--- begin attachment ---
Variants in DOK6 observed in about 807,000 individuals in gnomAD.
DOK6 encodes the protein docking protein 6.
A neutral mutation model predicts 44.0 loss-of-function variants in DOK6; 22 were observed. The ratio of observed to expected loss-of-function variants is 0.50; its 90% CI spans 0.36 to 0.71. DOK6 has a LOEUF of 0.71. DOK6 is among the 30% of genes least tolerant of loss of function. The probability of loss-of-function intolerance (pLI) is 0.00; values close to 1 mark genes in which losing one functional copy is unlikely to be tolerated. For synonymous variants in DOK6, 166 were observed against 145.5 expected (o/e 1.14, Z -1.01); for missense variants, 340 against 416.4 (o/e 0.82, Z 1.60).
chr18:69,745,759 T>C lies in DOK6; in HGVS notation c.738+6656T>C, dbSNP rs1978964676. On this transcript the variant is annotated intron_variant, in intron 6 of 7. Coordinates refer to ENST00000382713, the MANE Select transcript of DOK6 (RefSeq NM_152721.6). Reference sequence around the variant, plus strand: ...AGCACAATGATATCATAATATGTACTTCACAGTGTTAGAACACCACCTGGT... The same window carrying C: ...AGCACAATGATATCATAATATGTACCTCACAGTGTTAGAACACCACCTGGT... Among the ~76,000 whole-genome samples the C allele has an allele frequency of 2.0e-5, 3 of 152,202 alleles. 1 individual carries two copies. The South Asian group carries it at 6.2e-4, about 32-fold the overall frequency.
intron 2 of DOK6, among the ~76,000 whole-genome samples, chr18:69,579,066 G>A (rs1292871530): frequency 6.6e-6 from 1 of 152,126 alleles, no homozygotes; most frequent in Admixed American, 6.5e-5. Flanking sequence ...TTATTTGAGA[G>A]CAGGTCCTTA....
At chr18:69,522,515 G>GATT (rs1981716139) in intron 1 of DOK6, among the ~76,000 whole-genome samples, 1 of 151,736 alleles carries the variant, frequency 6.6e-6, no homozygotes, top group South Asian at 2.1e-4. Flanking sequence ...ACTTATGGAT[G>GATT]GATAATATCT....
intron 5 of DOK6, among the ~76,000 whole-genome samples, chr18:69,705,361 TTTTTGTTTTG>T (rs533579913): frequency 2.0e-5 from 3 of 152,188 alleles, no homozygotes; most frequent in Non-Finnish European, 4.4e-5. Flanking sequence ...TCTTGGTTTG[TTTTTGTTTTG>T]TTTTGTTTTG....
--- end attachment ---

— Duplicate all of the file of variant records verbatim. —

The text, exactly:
Variants in DOK6 observed in about 807,000 individuals in gnomAD.
DOK6 encodes the protein docking protein 6.
A neutral mutation model predicts 44.0 loss-of-function variants in DOK6; 22 were observed. The ratio of observed to expected loss-of-function variants is 0.50; its 90% CI spans 0.36 to 0.71. DOK6 has a LOEUF of 0.71. DOK6 is among the 30% of genes least tolerant of loss of function. The probability of loss-of-function intolerance (pLI) is 0.00; values close to 1 mark genes in which losing one functional copy is unlikely to be tolerated. For synonymous variants in DOK6, 166 were observed against 145.5 expected (o/e 1.14, Z -1.01); for missense variants, 340 against 416.4 (o/e 0.82, Z 1.60).
chr18:69,745,759 T>C lies in DOK6; in HGVS notation c.738+6656T>C, dbSNP rs1978964676. On this transcript the variant is annotated intron_variant, in intron 6 of 7. Coordinates refer to ENST00000382713, the MANE Select transcript of DOK6 (RefSeq NM_152721.6). Reference sequence around the variant, plus strand: ...AGCACAATGATATCATAATATGTACTTCACAGTGTTAGAACACCACCTGGT... The same window carrying C: ...AGCACAATGATATCATAATATGTACCTCACAGTGTTAGAACACCACCTGGT... Among the ~76,000 whole-genome samples the C allele has an allele frequency of 2.0e-5, 3 of 152,202 alleles. 1 individual carries two copies. The South Asian group carries it at 6.2e-4, about 32-fold the overall frequency.
intron 2 of DOK6, among the ~76,000 whole-genome samples, chr18:69,579,066 G>A (rs1292871530): frequency 6.6e-6 from 1 of 152,126 alleles, no homozygotes; most frequent in Admixed American, 6.5e-5. Flanking sequence ...TTATTTGAGA[G>A]CAGGTCCTTA....
At chr18:69,522,515 G>GATT (rs1981716139) in intron 1 of DOK6, among the ~76,000 whole-genome samples, 1 of 151,736 alleles carries the variant, frequency 6.6e-6, no homozygotes, top group South Asian at 2.1e-4. Flanking sequence ...ACTTATGGAT[G>GATT]GATAATATCT....
intron 5 of DOK6, among the ~76,000 whole-genome samples, chr18:69,705,361 TTTTTGTTTTG>T (rs533579913): frequency 2.0e-5 from 3 of 152,188 alleles, no homozygotes; most frequent in Non-Finnish European, 4.4e-5. Flanking sequence ...TCTTGGTTTG[TTTTTGTTTTG>T]TTTTGTTTTG....